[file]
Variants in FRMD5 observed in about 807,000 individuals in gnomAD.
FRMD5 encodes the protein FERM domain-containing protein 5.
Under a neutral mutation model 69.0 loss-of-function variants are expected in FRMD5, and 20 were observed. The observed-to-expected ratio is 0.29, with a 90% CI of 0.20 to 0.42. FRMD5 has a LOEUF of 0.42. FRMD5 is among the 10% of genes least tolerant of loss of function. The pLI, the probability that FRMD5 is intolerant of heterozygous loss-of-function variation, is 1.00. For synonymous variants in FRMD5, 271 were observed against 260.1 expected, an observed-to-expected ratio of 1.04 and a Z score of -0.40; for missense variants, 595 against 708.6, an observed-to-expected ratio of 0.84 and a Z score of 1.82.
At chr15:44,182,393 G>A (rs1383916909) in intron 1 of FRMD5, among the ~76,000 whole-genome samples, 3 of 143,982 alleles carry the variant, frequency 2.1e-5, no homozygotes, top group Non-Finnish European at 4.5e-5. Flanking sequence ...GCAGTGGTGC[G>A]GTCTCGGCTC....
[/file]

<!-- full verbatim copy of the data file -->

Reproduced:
Variants in FRMD5 observed in about 807,000 individuals in gnomAD.
FRMD5 encodes the protein FERM domain-containing protein 5.
Under a neutral mutation model 69.0 loss-of-function variants are expected in FRMD5, and 20 were observed. The observed-to-expected ratio is 0.29, with a 90% CI of 0.20 to 0.42. FRMD5 has a LOEUF of 0.42. FRMD5 is among the 10% of genes least tolerant of loss of function. The pLI, the probability that FRMD5 is intolerant of heterozygous loss-of-function variation, is 1.00. For synonymous variants in FRMD5, 271 were observed against 260.1 expected, an observed-to-expected ratio of 1.04 and a Z score of -0.40; for missense variants, 595 against 708.6, an observed-to-expected ratio of 0.84 and a Z score of 1.82.
At chr15:44,182,393 G>A (rs1383916909) in intron 1 of FRMD5, among the ~76,000 whole-genome samples, 3 of 143,982 alleles carry the variant, frequency 2.1e-5, no homozygotes, top group Non-Finnish European at 4.5e-5. Flanking sequence ...GCAGTGGTGC[G>A]GTCTCGGCTC....